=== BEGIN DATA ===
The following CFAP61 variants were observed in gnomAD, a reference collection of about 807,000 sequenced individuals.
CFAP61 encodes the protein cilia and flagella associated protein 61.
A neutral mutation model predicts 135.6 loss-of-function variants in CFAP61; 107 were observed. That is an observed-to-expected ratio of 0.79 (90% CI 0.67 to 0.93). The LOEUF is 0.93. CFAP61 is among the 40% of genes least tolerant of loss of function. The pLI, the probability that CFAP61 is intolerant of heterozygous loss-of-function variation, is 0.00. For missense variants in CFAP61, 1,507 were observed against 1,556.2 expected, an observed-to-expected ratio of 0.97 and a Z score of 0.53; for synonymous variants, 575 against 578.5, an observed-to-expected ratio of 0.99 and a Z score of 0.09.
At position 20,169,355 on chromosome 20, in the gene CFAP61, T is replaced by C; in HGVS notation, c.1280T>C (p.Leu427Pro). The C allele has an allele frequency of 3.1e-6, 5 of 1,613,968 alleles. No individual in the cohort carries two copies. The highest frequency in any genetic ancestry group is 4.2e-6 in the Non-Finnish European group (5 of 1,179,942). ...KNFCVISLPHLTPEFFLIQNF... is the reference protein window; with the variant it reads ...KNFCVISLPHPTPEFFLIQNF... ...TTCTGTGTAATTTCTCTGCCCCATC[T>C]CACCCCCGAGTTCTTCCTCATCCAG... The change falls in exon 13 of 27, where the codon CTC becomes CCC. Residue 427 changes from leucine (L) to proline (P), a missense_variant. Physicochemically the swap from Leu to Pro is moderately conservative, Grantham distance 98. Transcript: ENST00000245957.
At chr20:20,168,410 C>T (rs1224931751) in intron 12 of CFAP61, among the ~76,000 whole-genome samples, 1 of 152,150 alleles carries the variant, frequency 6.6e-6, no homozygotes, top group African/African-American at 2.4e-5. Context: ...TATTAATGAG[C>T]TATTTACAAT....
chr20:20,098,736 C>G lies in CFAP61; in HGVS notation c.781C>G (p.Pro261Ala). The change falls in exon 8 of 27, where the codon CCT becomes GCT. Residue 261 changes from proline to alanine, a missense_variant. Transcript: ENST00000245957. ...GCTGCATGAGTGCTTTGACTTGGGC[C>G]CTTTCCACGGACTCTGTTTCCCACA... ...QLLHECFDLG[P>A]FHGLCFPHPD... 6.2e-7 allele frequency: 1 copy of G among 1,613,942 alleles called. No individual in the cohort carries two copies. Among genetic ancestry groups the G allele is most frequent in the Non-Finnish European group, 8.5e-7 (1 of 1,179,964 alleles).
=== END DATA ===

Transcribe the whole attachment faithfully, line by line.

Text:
The following CFAP61 variants were observed in gnomAD, a reference collection of about 807,000 sequenced individuals.
CFAP61 encodes the protein cilia and flagella associated protein 61.
A neutral mutation model predicts 135.6 loss-of-function variants in CFAP61; 107 were observed. That is an observed-to-expected ratio of 0.79 (90% CI 0.67 to 0.93). The LOEUF is 0.93. CFAP61 is among the 40% of genes least tolerant of loss of function. The pLI, the probability that CFAP61 is intolerant of heterozygous loss-of-function variation, is 0.00. For missense variants in CFAP61, 1,507 were observed against 1,556.2 expected, an observed-to-expected ratio of 0.97 and a Z score of 0.53; for synonymous variants, 575 against 578.5, an observed-to-expected ratio of 0.99 and a Z score of 0.09.
At position 20,169,355 on chromosome 20, in the gene CFAP61, T is replaced by C; in HGVS notation, c.1280T>C (p.Leu427Pro). The C allele has an allele frequency of 3.1e-6, 5 of 1,613,968 alleles. No individual in the cohort carries two copies. The highest frequency in any genetic ancestry group is 4.2e-6 in the Non-Finnish European group (5 of 1,179,942). ...KNFCVISLPHLTPEFFLIQNF... is the reference protein window; with the variant it reads ...KNFCVISLPHPTPEFFLIQNF... ...TTCTGTGTAATTTCTCTGCCCCATC[T>C]CACCCCCGAGTTCTTCCTCATCCAG... The change falls in exon 13 of 27, where the codon CTC becomes CCC. Residue 427 changes from leucine (L) to proline (P), a missense_variant. Physicochemically the swap from Leu to Pro is moderately conservative, Grantham distance 98. Transcript: ENST00000245957.
At chr20:20,168,410 C>T (rs1224931751) in intron 12 of CFAP61, among the ~76,000 whole-genome samples, 1 of 152,150 alleles carries the variant, frequency 6.6e-6, no homozygotes, top group African/African-American at 2.4e-5. Context: ...TATTAATGAG[C>T]TATTTACAAT....
chr20:20,098,736 C>G lies in CFAP61; in HGVS notation c.781C>G (p.Pro261Ala). The change falls in exon 8 of 27, where the codon CCT becomes GCT. Residue 261 changes from proline to alanine, a missense_variant. Transcript: ENST00000245957. ...GCTGCATGAGTGCTTTGACTTGGGC[C>G]CTTTCCACGGACTCTGTTTCCCACA... ...QLLHECFDLG[P>A]FHGLCFPHPD... 6.2e-7 allele frequency: 1 copy of G among 1,613,942 alleles called. No individual in the cohort carries two copies. Among genetic ancestry groups the G allele is most frequent in the Non-Finnish European group, 8.5e-7 (1 of 1,179,964 alleles).